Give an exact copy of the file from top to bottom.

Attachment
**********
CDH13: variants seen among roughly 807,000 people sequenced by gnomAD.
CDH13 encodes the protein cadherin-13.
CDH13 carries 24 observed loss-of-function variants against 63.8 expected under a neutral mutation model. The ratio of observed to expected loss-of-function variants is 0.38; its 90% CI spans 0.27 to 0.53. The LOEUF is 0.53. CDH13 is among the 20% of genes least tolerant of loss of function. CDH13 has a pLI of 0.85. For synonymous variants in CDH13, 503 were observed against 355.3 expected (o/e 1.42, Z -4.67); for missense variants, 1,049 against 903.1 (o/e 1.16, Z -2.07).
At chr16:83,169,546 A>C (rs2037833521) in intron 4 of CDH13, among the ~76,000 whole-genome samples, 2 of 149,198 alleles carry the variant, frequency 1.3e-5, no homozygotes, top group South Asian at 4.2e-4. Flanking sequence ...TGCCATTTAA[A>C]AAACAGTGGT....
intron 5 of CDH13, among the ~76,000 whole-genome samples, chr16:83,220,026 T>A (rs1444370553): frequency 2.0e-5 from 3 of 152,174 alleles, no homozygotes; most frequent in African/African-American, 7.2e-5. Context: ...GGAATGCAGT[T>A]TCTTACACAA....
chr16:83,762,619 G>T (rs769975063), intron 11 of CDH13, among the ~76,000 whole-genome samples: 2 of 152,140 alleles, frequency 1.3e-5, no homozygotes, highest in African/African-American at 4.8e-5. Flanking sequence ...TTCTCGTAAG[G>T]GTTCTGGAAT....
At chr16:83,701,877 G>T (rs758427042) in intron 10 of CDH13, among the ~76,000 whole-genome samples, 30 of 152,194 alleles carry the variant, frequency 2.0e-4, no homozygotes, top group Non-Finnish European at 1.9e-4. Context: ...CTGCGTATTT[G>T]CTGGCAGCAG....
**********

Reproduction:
CDH13: variants seen among roughly 807,000 people sequenced by gnomAD.
CDH13 encodes the protein cadherin-13.
CDH13 carries 24 observed loss-of-function variants against 63.8 expected under a neutral mutation model. The ratio of observed to expected loss-of-function variants is 0.38; its 90% CI spans 0.27 to 0.53. The LOEUF is 0.53. CDH13 is among the 20% of genes least tolerant of loss of function. CDH13 has a pLI of 0.85. For synonymous variants in CDH13, 503 were observed against 355.3 expected (o/e 1.42, Z -4.67); for missense variants, 1,049 against 903.1 (o/e 1.16, Z -2.07).
At chr16:83,169,546 A>C (rs2037833521) in intron 4 of CDH13, among the ~76,000 whole-genome samples, 2 of 149,198 alleles carry the variant, frequency 1.3e-5, no homozygotes, top group South Asian at 4.2e-4. Flanking sequence ...TGCCATTTAA[A>C]AAACAGTGGT....
intron 5 of CDH13, among the ~76,000 whole-genome samples, chr16:83,220,026 T>A (rs1444370553): frequency 2.0e-5 from 3 of 152,174 alleles, no homozygotes; most frequent in African/African-American, 7.2e-5. Context: ...GGAATGCAGT[T>A]TCTTACACAA....
chr16:83,762,619 G>T (rs769975063), intron 11 of CDH13, among the ~76,000 whole-genome samples: 2 of 152,140 alleles, frequency 1.3e-5, no homozygotes, highest in African/African-American at 4.8e-5. Flanking sequence ...TTCTCGTAAG[G>T]GTTCTGGAAT....
At chr16:83,701,877 G>T (rs758427042) in intron 10 of CDH13, among the ~76,000 whole-genome samples, 30 of 152,194 alleles carry the variant, frequency 2.0e-4, no homozygotes, top group Non-Finnish European at 1.9e-4. Context: ...CTGCGTATTT[G>T]CTGGCAGCAG....